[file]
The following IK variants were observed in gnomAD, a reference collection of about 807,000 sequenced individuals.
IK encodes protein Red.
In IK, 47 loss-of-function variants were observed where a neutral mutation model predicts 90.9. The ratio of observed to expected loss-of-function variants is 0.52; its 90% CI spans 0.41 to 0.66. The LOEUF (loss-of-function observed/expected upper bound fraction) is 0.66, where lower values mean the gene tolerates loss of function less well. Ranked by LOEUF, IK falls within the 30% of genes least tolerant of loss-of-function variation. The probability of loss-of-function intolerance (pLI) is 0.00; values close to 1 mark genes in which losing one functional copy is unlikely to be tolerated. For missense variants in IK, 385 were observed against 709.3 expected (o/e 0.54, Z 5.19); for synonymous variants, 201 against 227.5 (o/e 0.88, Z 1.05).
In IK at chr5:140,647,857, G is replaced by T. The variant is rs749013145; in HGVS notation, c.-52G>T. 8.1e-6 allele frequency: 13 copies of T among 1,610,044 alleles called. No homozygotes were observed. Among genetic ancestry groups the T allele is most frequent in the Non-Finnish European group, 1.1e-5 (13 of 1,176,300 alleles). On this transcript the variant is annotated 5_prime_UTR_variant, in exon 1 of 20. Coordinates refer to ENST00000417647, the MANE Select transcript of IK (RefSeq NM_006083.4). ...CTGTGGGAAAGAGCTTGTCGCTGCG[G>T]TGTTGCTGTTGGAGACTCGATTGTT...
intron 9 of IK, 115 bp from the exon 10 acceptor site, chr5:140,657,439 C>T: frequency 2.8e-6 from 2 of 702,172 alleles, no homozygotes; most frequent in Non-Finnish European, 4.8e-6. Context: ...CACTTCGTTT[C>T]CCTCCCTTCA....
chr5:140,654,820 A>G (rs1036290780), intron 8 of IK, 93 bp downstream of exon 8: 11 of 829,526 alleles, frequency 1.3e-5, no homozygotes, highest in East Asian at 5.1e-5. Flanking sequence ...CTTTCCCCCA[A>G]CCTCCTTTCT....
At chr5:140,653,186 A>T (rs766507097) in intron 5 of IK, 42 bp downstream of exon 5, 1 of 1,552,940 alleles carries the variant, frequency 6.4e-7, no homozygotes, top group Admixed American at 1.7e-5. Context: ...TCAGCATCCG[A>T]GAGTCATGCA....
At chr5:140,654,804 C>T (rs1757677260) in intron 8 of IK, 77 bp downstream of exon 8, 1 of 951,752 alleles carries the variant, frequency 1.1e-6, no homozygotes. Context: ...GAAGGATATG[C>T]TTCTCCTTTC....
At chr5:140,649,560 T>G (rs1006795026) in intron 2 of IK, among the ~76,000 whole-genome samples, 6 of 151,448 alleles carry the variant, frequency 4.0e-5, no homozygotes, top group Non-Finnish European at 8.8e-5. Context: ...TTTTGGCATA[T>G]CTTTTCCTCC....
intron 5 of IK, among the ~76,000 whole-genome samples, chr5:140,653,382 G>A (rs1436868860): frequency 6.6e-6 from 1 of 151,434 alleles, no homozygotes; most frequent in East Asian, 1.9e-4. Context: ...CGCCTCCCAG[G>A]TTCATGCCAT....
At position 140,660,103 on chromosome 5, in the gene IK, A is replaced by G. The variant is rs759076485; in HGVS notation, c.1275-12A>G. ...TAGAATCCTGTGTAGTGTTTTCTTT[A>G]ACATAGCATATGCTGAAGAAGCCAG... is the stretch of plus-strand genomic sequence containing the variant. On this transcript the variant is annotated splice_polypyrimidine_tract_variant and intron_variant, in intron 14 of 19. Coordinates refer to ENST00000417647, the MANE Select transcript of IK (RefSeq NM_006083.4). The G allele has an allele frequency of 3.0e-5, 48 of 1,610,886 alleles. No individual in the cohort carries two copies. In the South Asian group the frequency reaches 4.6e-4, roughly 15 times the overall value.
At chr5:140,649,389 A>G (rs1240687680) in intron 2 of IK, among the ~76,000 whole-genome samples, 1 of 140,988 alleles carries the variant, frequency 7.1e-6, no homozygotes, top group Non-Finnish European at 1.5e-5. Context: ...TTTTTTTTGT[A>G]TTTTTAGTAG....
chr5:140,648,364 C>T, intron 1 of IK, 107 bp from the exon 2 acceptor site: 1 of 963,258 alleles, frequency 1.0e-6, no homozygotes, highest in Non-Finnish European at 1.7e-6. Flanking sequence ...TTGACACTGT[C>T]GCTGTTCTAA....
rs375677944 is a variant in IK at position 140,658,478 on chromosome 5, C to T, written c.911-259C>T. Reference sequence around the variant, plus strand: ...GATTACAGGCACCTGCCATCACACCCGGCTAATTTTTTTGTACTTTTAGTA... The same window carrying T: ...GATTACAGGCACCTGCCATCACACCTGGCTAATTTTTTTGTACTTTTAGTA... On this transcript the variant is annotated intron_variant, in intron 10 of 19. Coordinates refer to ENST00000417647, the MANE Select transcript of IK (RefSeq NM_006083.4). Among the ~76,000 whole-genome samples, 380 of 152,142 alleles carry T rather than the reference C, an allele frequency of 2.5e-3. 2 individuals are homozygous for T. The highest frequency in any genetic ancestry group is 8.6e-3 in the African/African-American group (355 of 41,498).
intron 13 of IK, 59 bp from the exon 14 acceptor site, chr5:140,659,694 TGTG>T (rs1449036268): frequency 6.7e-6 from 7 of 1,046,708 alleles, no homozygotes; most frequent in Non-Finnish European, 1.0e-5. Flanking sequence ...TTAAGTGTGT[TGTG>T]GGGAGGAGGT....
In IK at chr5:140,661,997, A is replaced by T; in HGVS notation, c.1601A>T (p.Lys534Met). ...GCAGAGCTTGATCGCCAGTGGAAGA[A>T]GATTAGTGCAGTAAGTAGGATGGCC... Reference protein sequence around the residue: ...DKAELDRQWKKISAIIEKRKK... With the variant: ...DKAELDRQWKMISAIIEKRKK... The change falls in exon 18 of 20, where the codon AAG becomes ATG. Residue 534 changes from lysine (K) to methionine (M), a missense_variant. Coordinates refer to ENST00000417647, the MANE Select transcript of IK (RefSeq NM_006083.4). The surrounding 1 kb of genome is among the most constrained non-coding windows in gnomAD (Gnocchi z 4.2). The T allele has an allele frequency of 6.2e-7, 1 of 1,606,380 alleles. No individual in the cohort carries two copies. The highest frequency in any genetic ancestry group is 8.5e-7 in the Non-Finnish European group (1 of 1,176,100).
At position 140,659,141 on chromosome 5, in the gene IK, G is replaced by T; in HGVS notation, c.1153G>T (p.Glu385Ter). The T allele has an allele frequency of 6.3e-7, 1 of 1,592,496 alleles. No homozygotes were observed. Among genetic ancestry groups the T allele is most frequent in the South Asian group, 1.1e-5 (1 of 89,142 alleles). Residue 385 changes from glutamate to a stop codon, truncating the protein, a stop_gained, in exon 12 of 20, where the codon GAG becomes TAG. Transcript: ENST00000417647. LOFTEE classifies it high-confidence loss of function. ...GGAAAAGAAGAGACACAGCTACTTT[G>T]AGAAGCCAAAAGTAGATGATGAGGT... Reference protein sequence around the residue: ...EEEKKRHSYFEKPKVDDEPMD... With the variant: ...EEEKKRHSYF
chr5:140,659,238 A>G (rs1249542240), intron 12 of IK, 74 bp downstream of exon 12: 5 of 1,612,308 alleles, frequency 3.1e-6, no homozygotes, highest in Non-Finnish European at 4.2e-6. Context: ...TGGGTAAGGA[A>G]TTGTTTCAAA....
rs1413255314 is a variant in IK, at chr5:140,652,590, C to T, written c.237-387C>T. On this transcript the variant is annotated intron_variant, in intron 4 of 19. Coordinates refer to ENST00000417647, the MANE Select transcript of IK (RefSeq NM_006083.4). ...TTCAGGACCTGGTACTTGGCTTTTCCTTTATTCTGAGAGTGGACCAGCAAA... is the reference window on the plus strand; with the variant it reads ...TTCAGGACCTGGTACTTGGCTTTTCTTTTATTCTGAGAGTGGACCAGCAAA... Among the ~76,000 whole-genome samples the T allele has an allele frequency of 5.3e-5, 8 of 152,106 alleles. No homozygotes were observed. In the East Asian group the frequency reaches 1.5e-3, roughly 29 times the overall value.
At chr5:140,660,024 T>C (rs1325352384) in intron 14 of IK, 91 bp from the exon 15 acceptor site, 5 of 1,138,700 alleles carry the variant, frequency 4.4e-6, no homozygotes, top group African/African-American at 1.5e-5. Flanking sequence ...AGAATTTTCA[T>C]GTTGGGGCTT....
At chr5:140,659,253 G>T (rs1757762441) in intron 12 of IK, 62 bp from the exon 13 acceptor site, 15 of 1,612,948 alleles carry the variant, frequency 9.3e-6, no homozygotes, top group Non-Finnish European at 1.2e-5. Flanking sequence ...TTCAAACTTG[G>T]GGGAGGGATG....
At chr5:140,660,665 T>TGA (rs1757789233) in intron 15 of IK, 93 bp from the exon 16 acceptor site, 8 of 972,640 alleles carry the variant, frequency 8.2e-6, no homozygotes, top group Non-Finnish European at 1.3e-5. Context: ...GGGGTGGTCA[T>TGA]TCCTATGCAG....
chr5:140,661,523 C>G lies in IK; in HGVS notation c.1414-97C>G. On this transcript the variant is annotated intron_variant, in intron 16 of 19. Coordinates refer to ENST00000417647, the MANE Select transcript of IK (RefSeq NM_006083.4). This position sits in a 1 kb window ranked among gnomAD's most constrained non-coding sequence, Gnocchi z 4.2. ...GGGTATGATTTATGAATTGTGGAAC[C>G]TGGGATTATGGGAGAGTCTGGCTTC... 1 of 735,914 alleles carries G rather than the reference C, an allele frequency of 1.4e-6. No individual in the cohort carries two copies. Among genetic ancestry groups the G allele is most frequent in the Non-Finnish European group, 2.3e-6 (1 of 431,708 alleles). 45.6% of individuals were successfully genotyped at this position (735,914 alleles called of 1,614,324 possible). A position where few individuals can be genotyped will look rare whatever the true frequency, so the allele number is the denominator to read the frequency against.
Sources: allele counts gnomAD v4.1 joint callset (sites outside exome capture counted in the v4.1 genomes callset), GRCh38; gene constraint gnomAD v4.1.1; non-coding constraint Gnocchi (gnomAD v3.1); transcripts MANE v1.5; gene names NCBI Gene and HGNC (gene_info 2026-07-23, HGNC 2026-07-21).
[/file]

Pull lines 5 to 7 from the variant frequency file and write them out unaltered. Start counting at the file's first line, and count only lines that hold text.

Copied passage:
intron 9 of IK, 115 bp from the exon 10 acceptor site, chr5:140,657,439 C>T: frequency 2.8e-6 from 2 of 702,172 alleles, no homozygotes; most frequent in Non-Finnish European, 4.8e-6. Context: ...CACTTCGTTT[C>T]CCTCCCTTCA....
chr5:140,654,820 A>G (rs1036290780), intron 8 of IK, 93 bp downstream of exon 8: 11 of 829,526 alleles, frequency 1.3e-5, no homozygotes, highest in East Asian at 5.1e-5. Flanking sequence ...CTTTCCCCCA[A>G]CCTCCTTTCT....
At chr5:140,653,186 A>T (rs766507097) in intron 5 of IK, 42 bp downstream of exon 5, 1 of 1,552,940 alleles carries the variant, frequency 6.4e-7, no homozygotes, top group Admixed American at 1.7e-5. Context: ...TCAGCATCCG[A>T]GAGTCATGCA....